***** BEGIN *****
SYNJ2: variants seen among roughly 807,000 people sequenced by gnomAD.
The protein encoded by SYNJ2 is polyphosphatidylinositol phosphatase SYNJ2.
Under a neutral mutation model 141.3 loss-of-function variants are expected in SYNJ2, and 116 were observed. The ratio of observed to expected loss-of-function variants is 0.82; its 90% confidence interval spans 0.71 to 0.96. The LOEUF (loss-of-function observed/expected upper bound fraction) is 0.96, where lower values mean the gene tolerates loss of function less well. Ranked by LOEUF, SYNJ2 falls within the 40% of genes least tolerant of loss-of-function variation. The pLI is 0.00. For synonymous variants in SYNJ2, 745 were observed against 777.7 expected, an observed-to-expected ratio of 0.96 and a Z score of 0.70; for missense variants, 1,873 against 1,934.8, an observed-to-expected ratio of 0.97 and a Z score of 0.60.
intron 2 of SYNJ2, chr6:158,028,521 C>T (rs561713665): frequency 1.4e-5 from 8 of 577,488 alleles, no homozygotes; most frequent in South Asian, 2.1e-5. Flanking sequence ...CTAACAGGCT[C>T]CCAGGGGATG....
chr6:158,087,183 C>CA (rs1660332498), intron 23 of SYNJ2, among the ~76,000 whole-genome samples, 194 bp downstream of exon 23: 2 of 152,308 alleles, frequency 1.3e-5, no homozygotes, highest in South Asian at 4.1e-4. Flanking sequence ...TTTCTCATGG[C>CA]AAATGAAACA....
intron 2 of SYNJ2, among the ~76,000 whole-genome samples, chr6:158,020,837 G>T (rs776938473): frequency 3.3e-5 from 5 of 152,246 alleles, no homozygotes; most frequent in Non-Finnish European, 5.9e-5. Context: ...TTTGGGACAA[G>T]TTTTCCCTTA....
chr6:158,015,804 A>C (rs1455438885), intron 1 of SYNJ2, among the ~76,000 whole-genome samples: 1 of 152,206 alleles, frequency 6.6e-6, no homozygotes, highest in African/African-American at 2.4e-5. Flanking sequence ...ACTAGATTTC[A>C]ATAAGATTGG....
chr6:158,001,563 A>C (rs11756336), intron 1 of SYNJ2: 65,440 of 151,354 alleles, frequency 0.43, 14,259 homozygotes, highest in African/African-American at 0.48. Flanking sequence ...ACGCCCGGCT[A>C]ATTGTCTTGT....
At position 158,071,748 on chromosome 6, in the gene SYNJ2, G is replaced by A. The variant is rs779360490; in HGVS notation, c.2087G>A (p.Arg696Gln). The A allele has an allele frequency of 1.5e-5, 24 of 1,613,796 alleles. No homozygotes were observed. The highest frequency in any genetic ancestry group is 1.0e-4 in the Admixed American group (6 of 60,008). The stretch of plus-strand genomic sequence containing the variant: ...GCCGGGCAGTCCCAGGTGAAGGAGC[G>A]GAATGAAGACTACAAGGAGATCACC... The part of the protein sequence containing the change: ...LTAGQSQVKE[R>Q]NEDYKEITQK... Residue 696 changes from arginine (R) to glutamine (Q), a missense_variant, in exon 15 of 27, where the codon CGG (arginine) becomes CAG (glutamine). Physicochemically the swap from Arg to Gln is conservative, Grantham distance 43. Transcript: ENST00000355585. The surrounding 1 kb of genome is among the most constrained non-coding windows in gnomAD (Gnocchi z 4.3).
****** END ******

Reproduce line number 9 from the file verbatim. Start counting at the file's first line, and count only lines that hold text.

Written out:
At position 158,071,748 on chromosome 6, in the gene SYNJ2, G is replaced by A. The variant is rs779360490; in HGVS notation, c.2087G>A (p.Arg696Gln). The A allele has an allele frequency of 1.5e-5, 24 of 1,613,796 alleles. No homozygotes were observed. The highest frequency in any genetic ancestry group is 1.0e-4 in the Admixed American group (6 of 60,008). The stretch of plus-strand genomic sequence containing the variant: ...GCCGGGCAGTCCCAGGTGAAGGAGC[G>A]GAATGAAGACTACAAGGAGATCACC... The part of the protein sequence containing the change: ...LTAGQSQVKE[R>Q]NEDYKEITQK... Residue 696 changes from arginine (R) to glutamine (Q), a missense_variant, in exon 15 of 27, where the codon CGG (arginine) becomes CAG (glutamine). Physicochemically the swap from Arg to Gln is conservative, Grantham distance 43. Transcript: ENST00000355585. The surrounding 1 kb of genome is among the most constrained non-coding windows in gnomAD (Gnocchi z 4.3).